This isn’t questioning Trevathan’s toughness — far from it. That he returned for Week 1 of the 2017 season 10 months after rupturing his patellar tending (an injury that can be a career-ender) was impressive, and that he was immediately productive upon returning was even more extraordinary. But Trevathan missed three games in November due to a strained calf, and coupled with a one-game suspension and the seven games he missed in 2016, the 28-year-old has only played in 21 of 32 games since signing with the Bears. 

Trevathan is confident he can improve his production in 2018, given he wasn’t able to participate in last year’s offseason program practices. He’s entering his third year in Fangio’s defense and feels better prepared after going through OTAs and minicamps this year. It’s just now about him staying on the field to make sure that work pays off.

“I’m more comfortable with this defense, I’m more comfortable with the guys and the calls that we make,” Trevathan said. “I take pride in being correct and working my tail off and making the defense better. And the more that I can be out there — which I plan on being out there a lot — it’s going to help us tremendously.” 

3. How big a role will Nick Kwiatkoski have?

The Bears didn’t draft Smith because they felt like they absolutely needed to upgrade over Kwiatkoski, who’s acquitted himself well in 25 games since being picked in the fourth round of the 2016 draft. But Kwiatkoski has dealt with some injury issues, and for as solid a player as he may be, the Bears’ defense needed (and still needs) more great players. Drafting Smith gave the Bears a shot at adding a great player.

It also leaves Kwiatkoski in the same spot he was in a year ago, when the Bears entered the 2017 season with Trevathan and Jerrell Freeman as their unquestioned starting inside linebackers. Smith still has to earn that starting spot, but the safe bet is he will, relegating Kwiatkoski again to reserve duties.

And that’s a positive for the overall health of this defense, having a player good enough to start ready to play if needed. But it also raises this question: What do the Bears do with Kwiatkoski if he’s one of their four best linebackers, but isn’t one of their two best inside linebackers? 

So for the purposes of watching training camp practices, seeing if Kwiatkoski gets any reps at outside linebacker will be an interesting storyline to follow. 

Nationals fans sent Kyle Schwarber from hero to villain in monumentally entertaining Home Run Derby

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USA TODAY

Nationals fans sent Kyle Schwarber from hero to villain in monumentally entertaining Home Run Derby

WASHINGTON, D.C. — How could someone like Kyle Schwarber play the villain?

The fan favorite who’s always quick with a smile — or an Uncle Sam costume on the Fourth of July — Schwarber doesn’t fit the mold of a loathsome target of boos. But he made quite the heel turn in the minds of Washington Nationals fans Monday night, and of course he knew it was coming.

Schwarber went from getting cheered by the legions in attendance at the Home Run Derby to getting booed when he took on, and eventually lost to, hometown hero Bryce Harper in the final round.

“I was down in the tunnel saying, ‘If we get to the finals, Harp, they’re all going to be against me. I think they’re all going to be against me,’” Schwarber said Monday night. “And then I went out there and got booed after they all got pumped up for me. That’s just the beauty of it, and I was happy for Bryce that he won it in front of the home crowd.”

Harper delivered an incredibly memorable baseball moment Monday night, catching up to Schwarber’s 18 home runs with a ridiculous display of repetitive power to win a Home Run Derby for the ages. The format of this event, revamped a couple years ago, made for a dramatic and hugely entertaining evening. Harper smacked nine homers over the final 47 seconds of the final round to tie Schwarber, then bested him in bonus time. Unsurprisingly, the home crowd was going ballistic for their boy.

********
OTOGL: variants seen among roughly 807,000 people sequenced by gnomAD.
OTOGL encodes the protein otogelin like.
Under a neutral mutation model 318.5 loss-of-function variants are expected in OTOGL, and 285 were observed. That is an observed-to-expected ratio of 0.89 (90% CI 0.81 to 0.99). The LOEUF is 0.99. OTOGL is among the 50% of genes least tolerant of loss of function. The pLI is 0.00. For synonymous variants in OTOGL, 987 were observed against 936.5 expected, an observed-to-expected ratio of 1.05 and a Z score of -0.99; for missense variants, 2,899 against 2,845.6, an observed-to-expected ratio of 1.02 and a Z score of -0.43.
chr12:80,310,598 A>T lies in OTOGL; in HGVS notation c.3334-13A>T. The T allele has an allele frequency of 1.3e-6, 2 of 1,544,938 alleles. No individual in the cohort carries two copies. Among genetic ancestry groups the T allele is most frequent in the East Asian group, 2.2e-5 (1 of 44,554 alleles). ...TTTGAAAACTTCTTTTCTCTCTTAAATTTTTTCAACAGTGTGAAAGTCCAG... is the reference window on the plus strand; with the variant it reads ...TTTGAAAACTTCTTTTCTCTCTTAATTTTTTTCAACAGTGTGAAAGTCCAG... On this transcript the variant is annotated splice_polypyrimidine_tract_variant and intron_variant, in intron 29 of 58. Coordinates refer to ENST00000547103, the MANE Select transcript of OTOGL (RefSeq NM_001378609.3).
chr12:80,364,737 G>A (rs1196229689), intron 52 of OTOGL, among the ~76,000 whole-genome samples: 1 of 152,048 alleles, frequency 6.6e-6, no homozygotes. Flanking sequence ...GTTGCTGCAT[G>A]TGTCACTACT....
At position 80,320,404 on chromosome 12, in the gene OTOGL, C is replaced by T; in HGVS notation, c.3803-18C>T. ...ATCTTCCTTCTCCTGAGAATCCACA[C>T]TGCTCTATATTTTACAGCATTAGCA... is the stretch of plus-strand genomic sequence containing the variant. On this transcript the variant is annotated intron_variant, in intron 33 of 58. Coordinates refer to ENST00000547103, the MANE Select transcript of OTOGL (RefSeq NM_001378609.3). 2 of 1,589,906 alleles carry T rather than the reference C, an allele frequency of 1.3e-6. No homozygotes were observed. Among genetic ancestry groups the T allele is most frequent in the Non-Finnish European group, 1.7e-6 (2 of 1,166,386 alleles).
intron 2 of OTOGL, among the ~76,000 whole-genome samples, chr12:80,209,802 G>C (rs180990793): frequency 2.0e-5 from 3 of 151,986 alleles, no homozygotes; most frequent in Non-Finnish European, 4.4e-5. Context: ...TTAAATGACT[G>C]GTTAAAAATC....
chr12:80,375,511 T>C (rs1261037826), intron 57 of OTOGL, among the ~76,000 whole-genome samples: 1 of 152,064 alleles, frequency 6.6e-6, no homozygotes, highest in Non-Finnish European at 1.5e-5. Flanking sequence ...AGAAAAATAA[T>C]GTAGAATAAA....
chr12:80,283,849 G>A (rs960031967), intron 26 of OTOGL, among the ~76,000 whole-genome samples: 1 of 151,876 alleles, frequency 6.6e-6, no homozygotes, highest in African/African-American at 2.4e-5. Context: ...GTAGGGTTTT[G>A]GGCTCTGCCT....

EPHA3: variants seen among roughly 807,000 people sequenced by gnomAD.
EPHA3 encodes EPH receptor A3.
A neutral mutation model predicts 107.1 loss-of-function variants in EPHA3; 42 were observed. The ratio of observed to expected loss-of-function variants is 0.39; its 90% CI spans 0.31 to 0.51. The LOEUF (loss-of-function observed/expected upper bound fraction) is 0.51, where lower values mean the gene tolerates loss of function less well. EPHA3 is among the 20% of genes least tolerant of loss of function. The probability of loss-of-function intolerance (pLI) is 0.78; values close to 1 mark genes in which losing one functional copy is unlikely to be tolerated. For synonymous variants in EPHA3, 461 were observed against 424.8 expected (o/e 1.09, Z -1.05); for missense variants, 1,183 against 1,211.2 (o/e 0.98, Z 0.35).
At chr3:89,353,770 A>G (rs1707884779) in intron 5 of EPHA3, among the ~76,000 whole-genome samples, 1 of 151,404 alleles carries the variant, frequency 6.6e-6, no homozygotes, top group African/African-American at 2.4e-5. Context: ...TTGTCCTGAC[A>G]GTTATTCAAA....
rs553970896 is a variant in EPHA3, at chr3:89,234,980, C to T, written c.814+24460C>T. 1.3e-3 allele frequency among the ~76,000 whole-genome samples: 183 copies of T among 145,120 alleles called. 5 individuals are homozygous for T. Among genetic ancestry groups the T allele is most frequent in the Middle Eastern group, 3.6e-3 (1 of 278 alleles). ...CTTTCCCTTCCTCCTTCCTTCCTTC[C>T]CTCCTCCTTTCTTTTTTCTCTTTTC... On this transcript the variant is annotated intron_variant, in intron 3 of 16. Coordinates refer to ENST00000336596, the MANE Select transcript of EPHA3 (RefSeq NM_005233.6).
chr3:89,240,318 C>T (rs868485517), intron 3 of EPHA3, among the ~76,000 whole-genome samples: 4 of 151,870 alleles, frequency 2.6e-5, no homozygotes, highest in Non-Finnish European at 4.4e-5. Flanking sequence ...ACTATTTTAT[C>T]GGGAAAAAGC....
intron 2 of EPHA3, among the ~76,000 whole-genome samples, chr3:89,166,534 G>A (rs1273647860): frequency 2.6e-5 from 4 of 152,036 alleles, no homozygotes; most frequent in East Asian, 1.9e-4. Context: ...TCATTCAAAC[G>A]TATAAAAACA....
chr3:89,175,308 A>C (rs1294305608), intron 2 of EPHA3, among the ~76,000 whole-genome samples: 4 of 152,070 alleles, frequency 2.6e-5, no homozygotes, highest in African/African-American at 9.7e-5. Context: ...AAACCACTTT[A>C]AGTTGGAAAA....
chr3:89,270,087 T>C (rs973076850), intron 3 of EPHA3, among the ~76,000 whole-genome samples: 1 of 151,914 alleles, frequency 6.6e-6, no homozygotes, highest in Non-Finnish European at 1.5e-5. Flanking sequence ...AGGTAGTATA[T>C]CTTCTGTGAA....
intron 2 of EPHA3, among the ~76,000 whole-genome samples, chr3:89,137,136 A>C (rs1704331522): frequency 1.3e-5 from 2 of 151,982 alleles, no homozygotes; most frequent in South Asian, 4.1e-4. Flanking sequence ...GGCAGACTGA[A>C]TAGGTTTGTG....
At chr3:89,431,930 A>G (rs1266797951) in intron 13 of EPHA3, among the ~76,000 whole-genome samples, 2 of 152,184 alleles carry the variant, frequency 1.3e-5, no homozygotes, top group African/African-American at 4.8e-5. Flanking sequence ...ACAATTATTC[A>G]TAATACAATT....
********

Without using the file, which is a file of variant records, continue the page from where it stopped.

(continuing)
But earlier in the night, it was Schwarber getting all the cheers, when he made his own last-second comeback to beat Philadelphia Phillies slugger Rhys Hoskins in the second round. Schwarber was pumping up the crowd, pumping his fists and screaming while putting on a show of his own to catch and pass Hoskins' 20 home runs and advance to the finals.

How quickly the locals forgot.

By the finals — during which Schwarber looked understandably exhausted — the crowd had turned on him, trying to get every advantage for Harper.

“As soon as I got done with that round, I told myself that he had it,” Schwarber said. “I knew that he had the home crowd behind him, and I knew that he was a very prolific power hitter with a great swing. For him to come in and do that and started getting down to the wire, all of a sudden he started racking them up one at a time. You kind of just accept your fate there.”

Perhaps the night could’ve ended differently for Schwarber had he listened more closely to the advice of his teammates, Javy Baez and Willson Contreras, who were quick with Gatorade, a towel and words of encouragement on Monday. Baez hit 16 home runs in his own first-round appearance, though Los Angeles Dodgers slugger Max Muncy knocked him out.

“I was just telling him to slow down,” Baez said. “He was kind of rushing a little bit, that’s why he was jumping to the ball.”

“They were actually giving me really good advice that I didn’t take because I was really dumb-headed,” Schwarber said. “‘Make sure you take some pitches and get the pitch that you want.’ At the end, I felt like I was swinging at everything. I was just running out of gas. I felt like I had to put up as many swings just to try to put a couple out.”

Schwarber was totally content with losing out to Harper’s home-field advantage. Though as his homers flew out deep into the right-field seats Monday night, you couldn’t help but wonder what it would be like if Schwarber was instead taking aim at Sheffield Avenue and getting his own home-field advantage from Cubs fans.

The North Side hasn’t played host to the All-Star Game since 1990, so perhaps Schwarber will still be slugging the next time the Friendly Confines are the site of the Home Run Derby.

“That’d be really cool one day if the All-Star Game’s at Wrigley,” Schwarber said, “and to participate in the Derby, that’d be fun.”